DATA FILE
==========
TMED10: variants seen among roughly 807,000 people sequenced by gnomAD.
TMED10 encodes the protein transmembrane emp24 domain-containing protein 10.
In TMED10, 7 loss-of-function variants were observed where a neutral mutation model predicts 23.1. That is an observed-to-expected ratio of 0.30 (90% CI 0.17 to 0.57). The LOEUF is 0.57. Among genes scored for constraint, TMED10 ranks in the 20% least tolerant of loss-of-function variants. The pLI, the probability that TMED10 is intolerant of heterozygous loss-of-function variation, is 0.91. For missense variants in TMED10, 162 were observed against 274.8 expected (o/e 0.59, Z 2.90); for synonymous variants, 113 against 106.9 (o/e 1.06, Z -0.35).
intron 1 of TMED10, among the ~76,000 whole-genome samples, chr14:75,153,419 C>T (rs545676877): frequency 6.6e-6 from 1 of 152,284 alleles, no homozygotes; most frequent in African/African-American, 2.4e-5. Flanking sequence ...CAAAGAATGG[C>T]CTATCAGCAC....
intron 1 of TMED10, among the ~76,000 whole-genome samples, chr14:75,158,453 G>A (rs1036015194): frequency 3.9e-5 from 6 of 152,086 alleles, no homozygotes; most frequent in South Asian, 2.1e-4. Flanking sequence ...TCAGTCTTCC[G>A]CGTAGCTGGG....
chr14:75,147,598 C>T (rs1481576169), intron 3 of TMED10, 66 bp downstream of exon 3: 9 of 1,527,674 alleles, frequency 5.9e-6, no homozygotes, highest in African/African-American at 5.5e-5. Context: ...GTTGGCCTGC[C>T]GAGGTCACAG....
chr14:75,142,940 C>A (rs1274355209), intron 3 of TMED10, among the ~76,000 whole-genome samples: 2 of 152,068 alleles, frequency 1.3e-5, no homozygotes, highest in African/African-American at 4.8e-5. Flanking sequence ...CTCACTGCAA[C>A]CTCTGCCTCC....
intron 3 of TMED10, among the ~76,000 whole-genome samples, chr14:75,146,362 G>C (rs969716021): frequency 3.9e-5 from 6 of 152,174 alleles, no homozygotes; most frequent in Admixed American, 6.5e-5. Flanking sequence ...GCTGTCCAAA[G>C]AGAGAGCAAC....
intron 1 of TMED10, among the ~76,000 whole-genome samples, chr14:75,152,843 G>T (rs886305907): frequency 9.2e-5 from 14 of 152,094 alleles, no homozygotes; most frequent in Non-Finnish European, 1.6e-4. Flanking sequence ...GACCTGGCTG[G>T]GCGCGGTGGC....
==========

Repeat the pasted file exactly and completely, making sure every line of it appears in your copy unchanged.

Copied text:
TMED10: variants seen among roughly 807,000 people sequenced by gnomAD.
TMED10 encodes the protein transmembrane emp24 domain-containing protein 10.
In TMED10, 7 loss-of-function variants were observed where a neutral mutation model predicts 23.1. That is an observed-to-expected ratio of 0.30 (90% CI 0.17 to 0.57). The LOEUF is 0.57. Among genes scored for constraint, TMED10 ranks in the 20% least tolerant of loss-of-function variants. The pLI, the probability that TMED10 is intolerant of heterozygous loss-of-function variation, is 0.91. For missense variants in TMED10, 162 were observed against 274.8 expected (o/e 0.59, Z 2.90); for synonymous variants, 113 against 106.9 (o/e 1.06, Z -0.35).
intron 1 of TMED10, among the ~76,000 whole-genome samples, chr14:75,153,419 C>T (rs545676877): frequency 6.6e-6 from 1 of 152,284 alleles, no homozygotes; most frequent in African/African-American, 2.4e-5. Flanking sequence ...CAAAGAATGG[C>T]CTATCAGCAC....
intron 1 of TMED10, among the ~76,000 whole-genome samples, chr14:75,158,453 G>A (rs1036015194): frequency 3.9e-5 from 6 of 152,086 alleles, no homozygotes; most frequent in South Asian, 2.1e-4. Flanking sequence ...TCAGTCTTCC[G>A]CGTAGCTGGG....
chr14:75,147,598 C>T (rs1481576169), intron 3 of TMED10, 66 bp downstream of exon 3: 9 of 1,527,674 alleles, frequency 5.9e-6, no homozygotes, highest in African/African-American at 5.5e-5. Context: ...GTTGGCCTGC[C>T]GAGGTCACAG....
chr14:75,142,940 C>A (rs1274355209), intron 3 of TMED10, among the ~76,000 whole-genome samples: 2 of 152,068 alleles, frequency 1.3e-5, no homozygotes, highest in African/African-American at 4.8e-5. Flanking sequence ...CTCACTGCAA[C>A]CTCTGCCTCC....
intron 3 of TMED10, among the ~76,000 whole-genome samples, chr14:75,146,362 G>C (rs969716021): frequency 3.9e-5 from 6 of 152,174 alleles, no homozygotes; most frequent in Admixed American, 6.5e-5. Flanking sequence ...GCTGTCCAAA[G>C]AGAGAGCAAC....
intron 1 of TMED10, among the ~76,000 whole-genome samples, chr14:75,152,843 G>T (rs886305907): frequency 9.2e-5 from 14 of 152,094 alleles, no homozygotes; most frequent in Non-Finnish European, 1.6e-4. Flanking sequence ...GACCTGGCTG[G>T]GCGCGGTGGC....